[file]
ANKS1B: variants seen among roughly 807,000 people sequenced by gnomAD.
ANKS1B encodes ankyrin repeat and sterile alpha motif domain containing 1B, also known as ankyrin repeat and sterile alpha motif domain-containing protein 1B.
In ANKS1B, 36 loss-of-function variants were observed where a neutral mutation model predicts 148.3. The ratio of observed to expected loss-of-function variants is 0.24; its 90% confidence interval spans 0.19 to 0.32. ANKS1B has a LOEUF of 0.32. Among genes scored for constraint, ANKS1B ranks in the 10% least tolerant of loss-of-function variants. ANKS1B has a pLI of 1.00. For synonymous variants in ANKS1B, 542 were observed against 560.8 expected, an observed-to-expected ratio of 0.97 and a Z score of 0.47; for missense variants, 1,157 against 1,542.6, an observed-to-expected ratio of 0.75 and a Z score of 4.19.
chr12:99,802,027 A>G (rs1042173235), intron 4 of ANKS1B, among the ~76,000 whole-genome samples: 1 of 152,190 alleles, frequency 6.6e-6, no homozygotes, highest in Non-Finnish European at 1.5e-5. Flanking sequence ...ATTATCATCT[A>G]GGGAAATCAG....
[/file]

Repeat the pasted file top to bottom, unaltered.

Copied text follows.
ANKS1B: variants seen among roughly 807,000 people sequenced by gnomAD.
ANKS1B encodes ankyrin repeat and sterile alpha motif domain containing 1B, also known as ankyrin repeat and sterile alpha motif domain-containing protein 1B.
In ANKS1B, 36 loss-of-function variants were observed where a neutral mutation model predicts 148.3. The ratio of observed to expected loss-of-function variants is 0.24; its 90% confidence interval spans 0.19 to 0.32. ANKS1B has a LOEUF of 0.32. Among genes scored for constraint, ANKS1B ranks in the 10% least tolerant of loss-of-function variants. ANKS1B has a pLI of 1.00. For synonymous variants in ANKS1B, 542 were observed against 560.8 expected, an observed-to-expected ratio of 0.97 and a Z score of 0.47; for missense variants, 1,157 against 1,542.6, an observed-to-expected ratio of 0.75 and a Z score of 4.19.
chr12:99,802,027 A>G (rs1042173235), intron 4 of ANKS1B, among the ~76,000 whole-genome samples: 1 of 152,190 alleles, frequency 6.6e-6, no homozygotes, highest in Non-Finnish European at 1.5e-5. Flanking sequence ...ATTATCATCT[A>G]GGGAAATCAG....